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Showing 441 – 460 of 472

Nurses Dallas Robert and Vera (born Mosebar) White pioneered in the late 1920’s in Southwest China where they worked with Claude B. and Victoria (Martin) Miller to establish the first Seventh-day Adventist mission in Yunnan. Vera was tragically murdered in 1931 in the fifth year of their mission service in China. Dallas married Florence Grace Numbers in 1932 and served as a nurse, administrator, and ordained minister until evacuation in 1940, completing a total of 14 years of mission service in China. After returning to the U.S., he served an additional 14 years in the medical field in southern California hospitals.

​Harold and Mabel White served together in New Zealand, Australia, and Fiji. Harold White worked as a pastor, evangelist, and church administrator. Mabel White was a teacher, college matron, and a founding faculty member of the Pukekura Training School in New Zealand.

Julius White had experience as a businessman before he accepted the position of president of the New England Sanitarium. He then served four years as a missionary in China, 1916-1920. On his return to America he ministered in northern California followed by a return to work with the New England Sanitarium and finally a role with Madison College, Tennessee.

​Seabert White served as a missionary in China for seven years and then returned to his home country, Canada, to minister in the provinces of British Columbia, Ontario, Newfoundland, Nova Scotia, Manitoba and Saskatchewan.

​As a church pastor and evangelist, Charles Wiest served in the East Pennsylvania, West Michigan and Colorado conferences. As a conference president, he led the Mississippi, South Wisconsin, Indiana and Kansas conferences.

Sherman E. Wight’s term of service to the Seventh-day Adventist church spanned more than 50 years, most of them as president of local and union conferences in the United States.

​Lyle Wilcox served as an educator in California, Washington, and Idaho before he and his wife, Hazel, gave 36 years of mission service in China, the Philippines and Malaya.

Milton C. Wilcox devoted more than fifty years to the Adventist cause, most of them as an author and editor of books and periodicals, most notably, Signs of the Times (1891-1913).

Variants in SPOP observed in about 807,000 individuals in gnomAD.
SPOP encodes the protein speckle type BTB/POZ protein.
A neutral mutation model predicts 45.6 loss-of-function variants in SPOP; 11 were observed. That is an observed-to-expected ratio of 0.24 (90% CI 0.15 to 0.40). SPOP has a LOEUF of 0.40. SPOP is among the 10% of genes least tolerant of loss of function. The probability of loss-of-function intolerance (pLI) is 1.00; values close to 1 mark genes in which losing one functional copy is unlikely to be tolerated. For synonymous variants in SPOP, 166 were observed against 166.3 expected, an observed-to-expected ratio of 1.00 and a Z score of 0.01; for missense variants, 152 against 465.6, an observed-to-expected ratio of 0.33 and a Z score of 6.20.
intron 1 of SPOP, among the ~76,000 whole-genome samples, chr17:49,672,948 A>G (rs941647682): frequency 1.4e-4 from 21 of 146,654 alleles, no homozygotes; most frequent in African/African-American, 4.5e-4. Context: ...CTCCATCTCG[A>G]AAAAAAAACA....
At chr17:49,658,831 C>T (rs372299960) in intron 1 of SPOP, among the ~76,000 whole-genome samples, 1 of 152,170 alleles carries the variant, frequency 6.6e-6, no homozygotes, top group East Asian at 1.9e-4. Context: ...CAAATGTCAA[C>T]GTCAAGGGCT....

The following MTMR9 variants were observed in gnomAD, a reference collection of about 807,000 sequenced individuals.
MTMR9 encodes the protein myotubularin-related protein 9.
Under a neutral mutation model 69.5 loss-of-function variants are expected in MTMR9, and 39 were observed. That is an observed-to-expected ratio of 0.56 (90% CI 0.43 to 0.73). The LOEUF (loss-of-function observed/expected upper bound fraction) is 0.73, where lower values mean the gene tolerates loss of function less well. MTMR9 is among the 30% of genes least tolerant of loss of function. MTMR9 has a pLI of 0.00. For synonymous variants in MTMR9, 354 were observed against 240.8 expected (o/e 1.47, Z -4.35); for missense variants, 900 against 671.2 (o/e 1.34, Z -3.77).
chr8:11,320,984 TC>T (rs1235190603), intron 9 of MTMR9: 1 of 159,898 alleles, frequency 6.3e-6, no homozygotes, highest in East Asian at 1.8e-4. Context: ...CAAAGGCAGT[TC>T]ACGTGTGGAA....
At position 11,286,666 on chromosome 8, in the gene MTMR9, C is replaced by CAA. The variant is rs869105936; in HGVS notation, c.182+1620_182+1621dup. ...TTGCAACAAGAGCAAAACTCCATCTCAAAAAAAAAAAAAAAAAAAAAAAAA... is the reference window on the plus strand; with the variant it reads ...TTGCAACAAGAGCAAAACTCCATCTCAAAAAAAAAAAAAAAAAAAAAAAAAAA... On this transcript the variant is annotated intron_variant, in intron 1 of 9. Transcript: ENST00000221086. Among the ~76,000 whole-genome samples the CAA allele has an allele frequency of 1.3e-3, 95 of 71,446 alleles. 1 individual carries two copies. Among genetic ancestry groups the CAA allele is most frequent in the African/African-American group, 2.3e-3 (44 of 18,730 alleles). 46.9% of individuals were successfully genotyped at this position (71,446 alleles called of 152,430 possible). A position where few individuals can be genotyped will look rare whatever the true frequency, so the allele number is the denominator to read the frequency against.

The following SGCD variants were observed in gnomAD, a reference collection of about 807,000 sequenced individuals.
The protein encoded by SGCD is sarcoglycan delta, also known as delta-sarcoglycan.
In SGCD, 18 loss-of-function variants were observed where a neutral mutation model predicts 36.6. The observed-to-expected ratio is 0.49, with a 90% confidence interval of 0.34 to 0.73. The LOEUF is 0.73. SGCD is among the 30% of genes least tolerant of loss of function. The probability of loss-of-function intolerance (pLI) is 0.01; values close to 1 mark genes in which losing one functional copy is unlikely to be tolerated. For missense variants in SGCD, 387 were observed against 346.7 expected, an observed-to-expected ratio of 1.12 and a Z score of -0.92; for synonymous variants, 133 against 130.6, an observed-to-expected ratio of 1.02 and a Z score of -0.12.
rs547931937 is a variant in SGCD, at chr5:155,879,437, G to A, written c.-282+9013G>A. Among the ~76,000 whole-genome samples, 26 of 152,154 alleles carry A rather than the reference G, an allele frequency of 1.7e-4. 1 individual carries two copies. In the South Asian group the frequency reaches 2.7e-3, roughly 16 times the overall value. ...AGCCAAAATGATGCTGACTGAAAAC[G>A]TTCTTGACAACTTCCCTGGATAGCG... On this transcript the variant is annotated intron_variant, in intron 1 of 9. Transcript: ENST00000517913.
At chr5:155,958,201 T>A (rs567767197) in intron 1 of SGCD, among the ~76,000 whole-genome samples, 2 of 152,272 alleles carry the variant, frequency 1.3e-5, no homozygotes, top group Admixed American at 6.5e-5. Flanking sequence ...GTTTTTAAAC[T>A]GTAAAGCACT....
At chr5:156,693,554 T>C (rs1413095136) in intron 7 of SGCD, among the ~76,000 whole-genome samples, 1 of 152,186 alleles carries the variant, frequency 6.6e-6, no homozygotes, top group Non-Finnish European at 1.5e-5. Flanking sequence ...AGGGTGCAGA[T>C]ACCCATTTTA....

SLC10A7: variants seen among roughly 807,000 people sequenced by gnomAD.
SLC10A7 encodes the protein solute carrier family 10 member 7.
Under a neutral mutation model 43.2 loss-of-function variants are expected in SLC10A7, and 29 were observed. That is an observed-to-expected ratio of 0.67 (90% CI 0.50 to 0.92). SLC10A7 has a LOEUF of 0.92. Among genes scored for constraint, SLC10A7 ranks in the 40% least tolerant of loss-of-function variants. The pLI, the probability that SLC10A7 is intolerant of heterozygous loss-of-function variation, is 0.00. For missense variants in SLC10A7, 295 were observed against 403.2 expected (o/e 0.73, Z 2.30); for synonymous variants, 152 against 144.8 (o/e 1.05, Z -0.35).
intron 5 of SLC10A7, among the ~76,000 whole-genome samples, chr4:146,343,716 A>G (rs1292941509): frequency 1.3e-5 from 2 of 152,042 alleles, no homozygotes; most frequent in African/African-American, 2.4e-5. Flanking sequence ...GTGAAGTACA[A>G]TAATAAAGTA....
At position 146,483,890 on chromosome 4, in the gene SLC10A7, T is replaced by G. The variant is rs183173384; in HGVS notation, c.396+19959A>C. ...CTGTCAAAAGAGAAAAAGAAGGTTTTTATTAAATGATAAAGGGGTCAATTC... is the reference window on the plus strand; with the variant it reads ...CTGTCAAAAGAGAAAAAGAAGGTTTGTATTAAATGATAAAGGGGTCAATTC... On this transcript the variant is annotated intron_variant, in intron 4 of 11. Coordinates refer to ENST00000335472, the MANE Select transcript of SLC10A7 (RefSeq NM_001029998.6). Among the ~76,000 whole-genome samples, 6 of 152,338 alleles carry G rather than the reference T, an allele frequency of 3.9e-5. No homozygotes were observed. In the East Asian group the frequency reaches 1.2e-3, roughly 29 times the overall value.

Norman and Alma Wiles were among the first missionaries to Malekula Island, New Hebrides. After just a few years on Malekula, Norman Wiles died of blackwater fever. After her husband’s death Alma Wiles served in New Guinea, Australia, Nigeria, and the United States as a nurse specializing in tropical diseases and midwifery.

George Wilkinson served almost three years with the Nevada Mission prior to extended ministry in China. He and his wife, Nellie, were exceptionally proficient in their work, leading out in the South Chekiang (Zhegiang) Mission, the West China Union Mission and the Honan (Henan) Mission.

​Annie Mary Williams served the Seventh-day Adventist Church in various capacities, including missionary to Fiji and director of the Sabbath School Department in the New South Wales Conference.

Durward and Ora Williams were educators who served in America, China, and the Philippines.

Paul Williams and his wife, Dollie, served overseas as nurses and in administration roles in China and Singapore.

​Gilbert Temple Wilson was a church administrator, including New Zealand Conference president.

Clyde Wimer served as an administrator of the colporteur work in Canada, a missionary with his wife, Victoria, in China, and a church administrator in the homeland territories of Washington State, Oklahoma, and Oregon.

​Abbie Winegar-Simpson, Battle Creek Sanitarium physician and American Medical Missionary College professor, did much to bring the “Battle Creek idea” of health reform to California through her work at St. Helena, Glendale, and Long Beach sanitariums.

​For two decades Herbert Winslow cared for financial assets of the Seventh-day Adventist Church, first as an accountant at Pacific Press Publishing Association and later as a secretary/treasurer in the China Mission.